Thursday, March 16, 2017

US Air Temperature Trend - USCRN 2016 Update

Subtitle: No Warming From CO2, But There Is Some From El Niño

Figure 1.  USCRN Annual Average Temperature Anomalies, Deg C
Data from USCRN files
Analysis of the 55 temperature measurement sites with the longest records in the Contiguous States in the US Climate Reference Network (USCRN) (see footnote 1) for the years 2005-2016 (inclusive) shows a cooling trend (as reported on SLB earlier see link  and this link) until the record El Niño of 2015-16 increased the temperatures temporarily.   As shown in Figure 1, the US annual average temperature anomalies fluctuate from approximately minus 0.5 to plus 1.0 degrees C over the 12 year period for which data is available.   The annual average trend, excluding the 2015-16 El Niño, was a negative 0.0277 degrees C per year, or minus 2.78 degrees C per century.   The El Niño event changed the trend to positive 3.68 degrees C per century. 
Figure 2.  Average Anomalies for Summer months June-July-August
Data from USCRN files

As shown next in Figure 2, the temperature anomalies for summer months of June-July-August also show a modest increasing trend of 1.57 degrees C per century.  Before the El Niño, the trend was minus 0.87 degrees C per century. 

As shown next in Figure 3, the winter anomalies with the El Niño show a warming trend of 5.27 degrees C per century.  Before the El Niño event, the winter trend was minus 7.7 degrees per century.   The impact of the El Niño is most pronounced in the winter months, compared to the summer months and the US average of all months. 

Figure 3.  Average  Anomalies for Winter Months
Data from USCRN files
 It can be seen from the above that the modest increase in atmospheric carbon dioxide, CO2, of approximately 2 ppm per year over the period 2005-2016 had essentially nothing to do with the temperature trends in the pristine locations that have the USCRN measurement stations. However, the major impact was the El Niño event that started in 2015 and extended into 2016.  In the US, the El Niño was expected to create warmer, drier conditions in the South, and wetter, cooler conditions in the West.   The jet stream carried most of the rain to the north of California, however, so the state did not have much rain until the winter of 2016-17.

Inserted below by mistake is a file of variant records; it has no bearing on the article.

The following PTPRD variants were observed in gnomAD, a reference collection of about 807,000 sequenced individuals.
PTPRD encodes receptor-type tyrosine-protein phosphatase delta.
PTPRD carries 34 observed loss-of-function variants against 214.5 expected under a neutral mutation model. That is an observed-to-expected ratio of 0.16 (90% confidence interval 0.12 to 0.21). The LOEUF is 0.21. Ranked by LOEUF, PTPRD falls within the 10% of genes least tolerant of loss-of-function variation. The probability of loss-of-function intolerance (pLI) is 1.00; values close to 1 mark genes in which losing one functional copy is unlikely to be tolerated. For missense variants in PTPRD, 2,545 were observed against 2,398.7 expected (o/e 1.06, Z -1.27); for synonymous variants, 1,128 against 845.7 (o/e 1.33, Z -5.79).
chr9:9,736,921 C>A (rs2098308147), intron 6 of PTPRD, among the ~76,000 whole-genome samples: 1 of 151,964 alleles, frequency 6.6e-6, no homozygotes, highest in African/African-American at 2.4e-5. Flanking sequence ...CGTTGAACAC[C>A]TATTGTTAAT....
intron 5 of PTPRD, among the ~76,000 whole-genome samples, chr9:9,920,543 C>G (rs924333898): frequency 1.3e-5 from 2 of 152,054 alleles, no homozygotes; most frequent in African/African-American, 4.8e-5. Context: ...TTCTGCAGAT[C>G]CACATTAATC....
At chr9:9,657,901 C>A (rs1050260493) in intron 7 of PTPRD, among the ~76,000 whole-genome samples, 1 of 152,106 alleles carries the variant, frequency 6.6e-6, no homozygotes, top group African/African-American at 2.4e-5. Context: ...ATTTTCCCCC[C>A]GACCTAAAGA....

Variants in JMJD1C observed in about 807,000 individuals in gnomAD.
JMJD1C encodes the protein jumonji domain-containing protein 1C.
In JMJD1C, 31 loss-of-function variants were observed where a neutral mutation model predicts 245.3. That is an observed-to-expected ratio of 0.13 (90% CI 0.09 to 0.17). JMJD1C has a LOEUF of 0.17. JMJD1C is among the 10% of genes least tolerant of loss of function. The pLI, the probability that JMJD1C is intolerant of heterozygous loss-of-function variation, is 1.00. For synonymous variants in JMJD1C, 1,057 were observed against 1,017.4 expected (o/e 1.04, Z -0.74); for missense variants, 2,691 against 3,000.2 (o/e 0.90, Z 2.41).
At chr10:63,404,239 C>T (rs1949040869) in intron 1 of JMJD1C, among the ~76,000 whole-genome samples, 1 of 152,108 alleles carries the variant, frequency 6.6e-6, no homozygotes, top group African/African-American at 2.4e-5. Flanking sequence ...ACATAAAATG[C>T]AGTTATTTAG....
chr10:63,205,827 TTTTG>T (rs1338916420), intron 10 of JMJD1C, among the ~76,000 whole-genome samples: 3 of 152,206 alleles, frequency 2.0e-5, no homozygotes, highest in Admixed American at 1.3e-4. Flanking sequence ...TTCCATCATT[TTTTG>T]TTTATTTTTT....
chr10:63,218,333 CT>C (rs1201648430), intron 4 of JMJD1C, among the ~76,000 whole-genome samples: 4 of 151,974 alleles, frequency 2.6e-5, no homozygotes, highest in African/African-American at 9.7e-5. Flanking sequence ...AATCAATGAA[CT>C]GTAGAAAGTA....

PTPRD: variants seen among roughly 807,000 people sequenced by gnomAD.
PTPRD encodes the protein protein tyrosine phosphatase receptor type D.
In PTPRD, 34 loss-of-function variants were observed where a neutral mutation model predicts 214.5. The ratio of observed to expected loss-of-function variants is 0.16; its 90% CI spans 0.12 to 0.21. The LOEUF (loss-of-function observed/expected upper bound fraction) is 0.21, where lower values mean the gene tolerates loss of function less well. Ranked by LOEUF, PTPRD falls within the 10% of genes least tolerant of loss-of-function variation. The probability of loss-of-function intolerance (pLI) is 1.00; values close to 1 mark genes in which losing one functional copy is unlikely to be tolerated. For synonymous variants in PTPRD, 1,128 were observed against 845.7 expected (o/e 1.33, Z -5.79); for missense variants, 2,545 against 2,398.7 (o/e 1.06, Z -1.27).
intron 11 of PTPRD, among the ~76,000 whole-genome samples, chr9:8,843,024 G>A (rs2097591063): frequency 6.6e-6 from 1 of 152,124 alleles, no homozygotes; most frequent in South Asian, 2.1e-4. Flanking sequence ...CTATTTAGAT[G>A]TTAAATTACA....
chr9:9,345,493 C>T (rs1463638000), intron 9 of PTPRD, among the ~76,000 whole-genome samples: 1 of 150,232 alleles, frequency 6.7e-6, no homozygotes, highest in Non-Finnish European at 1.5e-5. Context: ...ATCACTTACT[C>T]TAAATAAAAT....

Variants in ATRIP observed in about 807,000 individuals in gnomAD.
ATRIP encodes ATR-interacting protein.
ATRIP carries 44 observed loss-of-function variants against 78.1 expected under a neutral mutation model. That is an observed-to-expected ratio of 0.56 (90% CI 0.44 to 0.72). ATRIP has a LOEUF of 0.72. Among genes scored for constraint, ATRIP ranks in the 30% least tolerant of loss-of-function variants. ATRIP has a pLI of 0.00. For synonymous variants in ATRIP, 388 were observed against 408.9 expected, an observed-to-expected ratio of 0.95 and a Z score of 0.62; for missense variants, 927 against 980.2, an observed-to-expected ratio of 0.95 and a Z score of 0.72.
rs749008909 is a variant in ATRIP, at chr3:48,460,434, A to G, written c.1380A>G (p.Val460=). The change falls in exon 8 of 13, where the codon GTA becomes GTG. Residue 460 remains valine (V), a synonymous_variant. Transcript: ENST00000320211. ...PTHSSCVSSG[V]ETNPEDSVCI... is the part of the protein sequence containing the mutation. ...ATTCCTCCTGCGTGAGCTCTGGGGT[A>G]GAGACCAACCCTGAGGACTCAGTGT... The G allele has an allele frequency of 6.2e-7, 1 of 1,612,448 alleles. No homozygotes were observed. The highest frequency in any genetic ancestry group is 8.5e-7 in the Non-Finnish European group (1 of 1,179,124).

As written before on SLB see link, many actual causes exist for measured warming in the near-surface atmosphere, none of which are increased CO2.   It is a colossal error for scientists to mis-attribute an effect (warming) to a false cause (increased CO2) when many other known causal factors exist.  Indeed, those known causal factors are the primary reason the USCRN was developed, funded, and put in place.   The non-CO2 causal factors include increased population density in cities, increased energy use per capita, reduced atmospheric pollution, increased local humidity from human activities (lawn watering, industrial cooling towers), changed site conditions from rural to urban, long-term drought, and wind shadows from buildings in cities.  

An eighth causal factor can be added to the list, as the data presented here clearly demonstrates: short-term warming from an El Niño event.    As the months and years go by without another El Niño, it is expected that the USCRN 55 stations will show a decreasing trend in summer, winter, and overall average temperatures.   

Footnote 1):  "The USCRN's primary goal is to provide long-term temperature, precipitation, and soil moisture and temperature observations that are of high quality and are taken in stable settings." -- NOAA webpage.    By “stable settings,” NOAA means that the locations are far from human warming influences such as cities, airports, and industries, and are expected to not have their present conditions change over the next several decades.    The stations have automatic sensors, redundancy, and automatic data upload to computer databases.   The intent is to have reliable, unbiased data without gaps and relocation issues. The oldest station began operating in July, 2001 in Asheville, North Carolina.   The next-oldest station began operating in January, 2002 in Kingston, Rhode Island.    By December of 2004, 60 stations were operating.  Of those, 55 stations were selected for this study.  The 55 stations provide a geographically widespread set of stations dating back to December, 2004, thus 10 years of complete data were available by January, 2015. -- end footnote 1. 

Roger E. Sowell, Esq.
Marina del Rey, California
copyright (c) 2017 by Roger Sowell - all rights reserved

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